No Cash! What’s the State of Cash Payments?


A vigilant glance upon entering a store, snack bar, or restaurant pays off. Otherwise, one might be ready to pay only to find out that cash is unexpectedly not accepted. Increasingly, signs on entrance doors indicate limited payment options: “No cash accepted,” “Credit or debit cards only,” “Cash only.” This state of affairs has recently shocked consumer advocates and prompted a demand for the Eurozone.

Hindered Cash Access

Various studies circulate on the topic of cash. The consensus: card payments are increasing, yet many still value the option of cash payment. However, access to cash is becoming more difficult. According to an online survey of 1,000 internet users by the opinion research institute eye square GmbH on behalf of the Federation of German Consumer Organizations (vzbv), this is evident in various ways. On one hand, over a quarter of respondents must travel further to the ATM. On the other hand, for over 20 percent of respondents, withdrawal costs have increased.

Now, another everyday hurdle arises: merchants and restaurateurs are refusing cash more often. 27 percent of respondents reported being in a situation where they could not pay with cash at least once in the last six months. The consumer association sees this as a problem. Their demand is to promote acceptance of cash – throughout the entire Eurozone.

Legally Anchoring Cash Payments!?

The argumentation for the relevance of secured cash access is multifaceted. Privacy for individuals, participation in public life, access to a means of payment – keywords here include cybercrime – or simply the desire to freely choose the payment method are cited by the vzbv in this context. To benefit from the various advantages, consumer advocates see a legal obligation to accept cash as necessary.

The European Commission went in a similar direction in 2023. They proposed to classify the Euro as legal tender, strengthening its role as a means of payment. This, in turn, requires member states to guarantee permanent access. This would again leave the decision 100 percent with the consumer, whether they prefer to pay in cash or use a card.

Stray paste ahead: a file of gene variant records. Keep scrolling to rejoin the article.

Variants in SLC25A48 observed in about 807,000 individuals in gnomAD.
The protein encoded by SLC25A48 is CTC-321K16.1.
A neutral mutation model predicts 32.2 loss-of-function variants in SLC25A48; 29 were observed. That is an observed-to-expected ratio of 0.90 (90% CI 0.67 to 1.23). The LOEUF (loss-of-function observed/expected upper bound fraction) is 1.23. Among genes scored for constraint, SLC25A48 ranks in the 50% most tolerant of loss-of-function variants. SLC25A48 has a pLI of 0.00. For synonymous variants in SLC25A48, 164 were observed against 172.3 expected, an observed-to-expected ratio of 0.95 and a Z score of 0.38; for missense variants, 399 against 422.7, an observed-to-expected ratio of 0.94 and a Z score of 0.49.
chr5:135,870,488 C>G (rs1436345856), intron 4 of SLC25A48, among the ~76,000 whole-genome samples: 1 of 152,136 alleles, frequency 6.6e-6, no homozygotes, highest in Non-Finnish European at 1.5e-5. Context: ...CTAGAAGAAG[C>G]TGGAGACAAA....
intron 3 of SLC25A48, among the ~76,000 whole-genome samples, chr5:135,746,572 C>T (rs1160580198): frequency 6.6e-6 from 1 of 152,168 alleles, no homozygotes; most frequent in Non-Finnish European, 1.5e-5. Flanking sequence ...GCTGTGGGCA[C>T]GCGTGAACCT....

“No Cash Accepted”: What Does the Law Say?

Apart from individual preferences, a question arises: Is refusing cash payments in retail and gastronomy permissible at all? Under certain circumstances, yes. If both parties agree on a different payment method before the purchase – a corresponding notice or sign is usually sufficient – excluding cash is possible.

Private companies can therefore exclude cash payments by contract. In addition, individual restrictions can be implemented without prior communication: for example, a café can refuse to accept 500 euro bills. If consumers want to pay with too many euro coins, the seller may also refuse. In the latter case, since euro coins can be classified as a “restricted” means of payment, they do not have to be accepted in unlimited quantities.

The Future of Cash Payments

As is often the case, what the future will bring is uncertain. Will we stand at the checkout in the future and can only rely on card payments? Or must retailers and restaurateurs leave us the freedom of choice? The Deutsche Bundesbank has described three scenarios for the future role of cash for consumers and trade as part of the National Cash Forum. A summary can be found in our blog post “How Cash Will Be Used in the Future.”

Whether in retail or gastronomy – if you want to continue accepting cash, you need a secure, transparent, and efficient cash management system. We’d be happy to show you what that could look like!